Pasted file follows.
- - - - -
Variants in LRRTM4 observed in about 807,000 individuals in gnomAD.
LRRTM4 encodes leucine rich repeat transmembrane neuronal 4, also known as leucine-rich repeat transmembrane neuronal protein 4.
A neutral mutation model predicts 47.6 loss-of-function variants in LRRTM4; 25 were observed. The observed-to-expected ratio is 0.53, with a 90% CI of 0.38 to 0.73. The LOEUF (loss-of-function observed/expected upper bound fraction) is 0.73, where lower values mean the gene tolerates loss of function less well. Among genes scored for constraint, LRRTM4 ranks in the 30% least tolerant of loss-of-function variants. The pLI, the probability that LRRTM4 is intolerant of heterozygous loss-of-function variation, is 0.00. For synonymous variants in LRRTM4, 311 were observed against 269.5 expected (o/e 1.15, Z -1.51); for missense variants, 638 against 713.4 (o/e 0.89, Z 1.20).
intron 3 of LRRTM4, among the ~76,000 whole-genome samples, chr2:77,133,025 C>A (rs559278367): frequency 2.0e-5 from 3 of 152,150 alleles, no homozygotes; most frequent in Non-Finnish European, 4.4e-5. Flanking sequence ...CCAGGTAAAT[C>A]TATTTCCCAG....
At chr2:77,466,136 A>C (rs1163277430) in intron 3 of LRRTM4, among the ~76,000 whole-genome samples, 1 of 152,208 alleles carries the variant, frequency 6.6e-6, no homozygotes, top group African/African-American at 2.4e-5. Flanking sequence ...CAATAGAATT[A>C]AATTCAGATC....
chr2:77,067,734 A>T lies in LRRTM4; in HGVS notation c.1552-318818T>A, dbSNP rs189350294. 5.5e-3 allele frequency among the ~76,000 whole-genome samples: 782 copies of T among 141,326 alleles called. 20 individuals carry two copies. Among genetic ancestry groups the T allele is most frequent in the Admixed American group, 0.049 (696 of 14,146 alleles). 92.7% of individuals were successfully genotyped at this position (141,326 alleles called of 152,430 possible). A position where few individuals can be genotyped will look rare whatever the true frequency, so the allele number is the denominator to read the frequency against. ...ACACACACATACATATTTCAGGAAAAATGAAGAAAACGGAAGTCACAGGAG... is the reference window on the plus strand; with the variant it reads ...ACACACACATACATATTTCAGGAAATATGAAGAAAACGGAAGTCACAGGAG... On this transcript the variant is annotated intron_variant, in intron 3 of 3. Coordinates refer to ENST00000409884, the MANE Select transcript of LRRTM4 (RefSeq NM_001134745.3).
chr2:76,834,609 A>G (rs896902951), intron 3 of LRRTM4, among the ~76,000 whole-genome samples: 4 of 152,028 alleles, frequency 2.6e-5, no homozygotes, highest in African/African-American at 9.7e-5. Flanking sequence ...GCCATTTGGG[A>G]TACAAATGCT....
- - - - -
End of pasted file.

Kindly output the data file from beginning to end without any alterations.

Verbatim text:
Variants in LRRTM4 observed in about 807,000 individuals in gnomAD.
LRRTM4 encodes leucine rich repeat transmembrane neuronal 4, also known as leucine-rich repeat transmembrane neuronal protein 4.
A neutral mutation model predicts 47.6 loss-of-function variants in LRRTM4; 25 were observed. The observed-to-expected ratio is 0.53, with a 90% CI of 0.38 to 0.73. The LOEUF (loss-of-function observed/expected upper bound fraction) is 0.73, where lower values mean the gene tolerates loss of function less well. Among genes scored for constraint, LRRTM4 ranks in the 30% least tolerant of loss-of-function variants. The pLI, the probability that LRRTM4 is intolerant of heterozygous loss-of-function variation, is 0.00. For synonymous variants in LRRTM4, 311 were observed against 269.5 expected (o/e 1.15, Z -1.51); for missense variants, 638 against 713.4 (o/e 0.89, Z 1.20).
intron 3 of LRRTM4, among the ~76,000 whole-genome samples, chr2:77,133,025 C>A (rs559278367): frequency 2.0e-5 from 3 of 152,150 alleles, no homozygotes; most frequent in Non-Finnish European, 4.4e-5. Flanking sequence ...CCAGGTAAAT[C>A]TATTTCCCAG....
At chr2:77,466,136 A>C (rs1163277430) in intron 3 of LRRTM4, among the ~76,000 whole-genome samples, 1 of 152,208 alleles carries the variant, frequency 6.6e-6, no homozygotes, top group African/African-American at 2.4e-5. Flanking sequence ...CAATAGAATT[A>C]AATTCAGATC....
chr2:77,067,734 A>T lies in LRRTM4; in HGVS notation c.1552-318818T>A, dbSNP rs189350294. 5.5e-3 allele frequency among the ~76,000 whole-genome samples: 782 copies of T among 141,326 alleles called. 20 individuals carry two copies. Among genetic ancestry groups the T allele is most frequent in the Admixed American group, 0.049 (696 of 14,146 alleles). 92.7% of individuals were successfully genotyped at this position (141,326 alleles called of 152,430 possible). A position where few individuals can be genotyped will look rare whatever the true frequency, so the allele number is the denominator to read the frequency against. ...ACACACACATACATATTTCAGGAAAAATGAAGAAAACGGAAGTCACAGGAG... is the reference window on the plus strand; with the variant it reads ...ACACACACATACATATTTCAGGAAATATGAAGAAAACGGAAGTCACAGGAG... On this transcript the variant is annotated intron_variant, in intron 3 of 3. Coordinates refer to ENST00000409884, the MANE Select transcript of LRRTM4 (RefSeq NM_001134745.3).
chr2:76,834,609 A>G (rs896902951), intron 3 of LRRTM4, among the ~76,000 whole-genome samples: 4 of 152,028 alleles, frequency 2.6e-5, no homozygotes, highest in African/African-American at 9.7e-5. Flanking sequence ...GCCATTTGGG[A>G]TACAAATGCT....